The boost couldn’t be happening at a better time for the helicopter makers, whose survival over the past fifty years owes almost entirely to the sale, maintenance and constant updating of military helicopters. Today, in light of spiraling national debts, skyrocketing social costs, and stagnant economic growth, most governments in the western world are sharply reducing their military budgets and cutting way back on expensive new equipment like tanks, missiles, fighter jets and, you guessed it, helicopters.
Catch up on the latest news in the renewable energy industry from the week of May 26, 2014.
White House to Announce Plan to Combat Climate Change
President Obama is taking significant measures to fight climate change. In a new plan, up to 20 percent of carbon emissions will be cut from the nation’s coal-fired power plants, which are one of the nation’s largest sources of greenhouse gases.
A new proposal limiting the movement of fossil fuels in San Francisco goes before city officials
San Francisco may soon wage war against the powerful fossil fuel industry and limit exports of coal and petroleum coke. If the San Francisco Environment Commission agrees to a proposal presented Thursday, city leaders will then be brought in to evaluate and approve or deny the plan. The ban would include the movement of materials like coal, petroleum coke, and crude oil (already under a 38-year national band).
Catch up on the latest energy industry news from the week of May 12, 2014.
Are Streets Soon be Paved with Solar Panels?
An Idaho couple has covered the driveway in front of their office building with hexagon-shaped solar panels and is spearheading a project to turn the local roadways solar as well. Some features of the panels include:
Heating elements to melt snow and ice
LED lights to serve as dividing lines
Special storm-water pathways to eliminate flooding
A textured glass surface that can support up to 250,000 pounds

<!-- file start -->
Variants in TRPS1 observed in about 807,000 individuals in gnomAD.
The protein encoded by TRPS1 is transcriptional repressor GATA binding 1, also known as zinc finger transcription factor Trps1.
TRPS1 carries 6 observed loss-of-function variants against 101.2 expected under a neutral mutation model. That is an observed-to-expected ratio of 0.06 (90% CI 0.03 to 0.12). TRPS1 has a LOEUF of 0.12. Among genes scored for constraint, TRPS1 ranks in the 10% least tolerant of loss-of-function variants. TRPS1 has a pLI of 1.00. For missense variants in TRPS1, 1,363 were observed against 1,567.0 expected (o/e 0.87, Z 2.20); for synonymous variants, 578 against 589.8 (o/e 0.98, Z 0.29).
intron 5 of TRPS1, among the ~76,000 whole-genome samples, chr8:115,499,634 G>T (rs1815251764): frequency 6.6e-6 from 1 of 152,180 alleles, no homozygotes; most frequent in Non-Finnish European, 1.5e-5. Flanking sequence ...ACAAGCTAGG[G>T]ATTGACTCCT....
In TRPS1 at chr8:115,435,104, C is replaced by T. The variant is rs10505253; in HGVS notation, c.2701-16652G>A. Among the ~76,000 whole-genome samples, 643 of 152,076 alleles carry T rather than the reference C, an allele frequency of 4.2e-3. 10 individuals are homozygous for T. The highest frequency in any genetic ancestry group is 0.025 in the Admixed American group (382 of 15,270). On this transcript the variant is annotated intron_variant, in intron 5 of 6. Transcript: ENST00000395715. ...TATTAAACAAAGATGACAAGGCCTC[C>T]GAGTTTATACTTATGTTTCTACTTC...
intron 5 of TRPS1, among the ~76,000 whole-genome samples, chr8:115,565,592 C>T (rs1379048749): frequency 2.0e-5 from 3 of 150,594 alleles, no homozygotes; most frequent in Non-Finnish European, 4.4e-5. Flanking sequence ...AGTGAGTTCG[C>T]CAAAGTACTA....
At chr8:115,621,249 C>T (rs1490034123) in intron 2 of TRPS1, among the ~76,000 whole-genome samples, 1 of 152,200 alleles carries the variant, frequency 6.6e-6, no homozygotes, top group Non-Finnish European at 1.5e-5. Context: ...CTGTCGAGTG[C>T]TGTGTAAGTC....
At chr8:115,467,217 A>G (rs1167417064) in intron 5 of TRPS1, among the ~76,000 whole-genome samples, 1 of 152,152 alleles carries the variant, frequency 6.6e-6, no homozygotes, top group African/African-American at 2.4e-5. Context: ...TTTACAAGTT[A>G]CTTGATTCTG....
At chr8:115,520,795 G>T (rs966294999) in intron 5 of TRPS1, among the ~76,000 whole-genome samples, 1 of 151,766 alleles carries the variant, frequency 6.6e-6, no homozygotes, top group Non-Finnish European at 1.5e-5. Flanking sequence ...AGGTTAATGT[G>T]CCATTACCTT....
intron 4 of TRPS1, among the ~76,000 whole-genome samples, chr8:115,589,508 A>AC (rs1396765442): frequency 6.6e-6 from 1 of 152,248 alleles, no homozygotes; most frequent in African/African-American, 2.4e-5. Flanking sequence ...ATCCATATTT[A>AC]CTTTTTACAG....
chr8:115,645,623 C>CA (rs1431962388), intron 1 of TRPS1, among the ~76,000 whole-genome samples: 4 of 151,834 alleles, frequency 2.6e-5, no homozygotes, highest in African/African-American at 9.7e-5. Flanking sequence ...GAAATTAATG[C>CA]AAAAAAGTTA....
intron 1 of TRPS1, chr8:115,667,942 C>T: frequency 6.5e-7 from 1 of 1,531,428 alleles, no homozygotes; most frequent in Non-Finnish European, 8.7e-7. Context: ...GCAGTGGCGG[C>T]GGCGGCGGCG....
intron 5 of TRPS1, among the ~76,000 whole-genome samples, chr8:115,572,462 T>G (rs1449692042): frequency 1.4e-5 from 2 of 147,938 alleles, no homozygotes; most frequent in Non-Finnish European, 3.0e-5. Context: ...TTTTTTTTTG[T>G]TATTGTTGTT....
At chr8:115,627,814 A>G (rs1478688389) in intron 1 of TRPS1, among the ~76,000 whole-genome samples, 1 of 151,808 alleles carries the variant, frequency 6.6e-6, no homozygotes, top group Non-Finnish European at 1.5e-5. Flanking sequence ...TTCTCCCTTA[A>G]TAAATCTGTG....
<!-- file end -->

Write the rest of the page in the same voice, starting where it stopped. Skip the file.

The couple is seeking funding through Indiegogo and has received funding from the U.S. Federal Highway Administration. Find out more about this project here.
Solar Power Saves Music Program in California School District
Because of extreme budget cuts in the California school system, many schools were forced to minimize resources and shut down programs like music. However, the Firebaugh-Las Deltas Unified School District in Fresno County found a way to reduce its energy costs to by installing solar structures at three of its five schools.
This move is expected to save the district $750,000 over the next five years and $9 million over 25 years.
Solar Industry Leads in the Rise in Number of Renewables Jobs Globally
Renewable energy has become one of the largest and most significant employers worldwide. Global data shows that the solar industry grew to 6.5 million renewables jobs in 2013, a 14 percent rise.
The solar panel industry contributed the most jobs, hiring 2.27 million people in 2013. China was the largest renewable employment nation with 2.6 million jobs, followed by Brazil with 0.89 million jobs, and the US with 0.63 million jobs.
The report from the International Renewable Energy Agency identifies increasing installations of solar photovoltaic panels as the main reason for the growth in jobs.
From hydropower to the fossil fuel industry, catch up on the latest energy news in this week’s Friday Fastbreak.
U.S. Looks to Hydropower to Cut Dependency on Coal
A new study from the U.S. Department of Energy suggests that the country can reduce its reliance on coal and, thus, lower greenhouse gas emissions, by embracing hydropower. Untapped waterways around the country in non-protected areas could produce roughly 65 gigawatts of hydropower capacity annually. That would be enough electricity to power more than 45.5 million homes and would increase U.S. hydropower production to nearly twice its current amount.
Baker Hughes Inc. says it will become the first major oil field services company to stop ignoring the elephant in the room and begin disclosing all the chemicals it uses in its hydraulic fracturing operations.
Rivals Schlumberger and Halliburton, the largest and second-largest service companies, respectively, have not yet commented on when, or whether they will follow No. 3 Baker Hughes’ lead. Industry watchers, however, now widely expect them to eventually disclose the nature of all their fracking chemicals as well.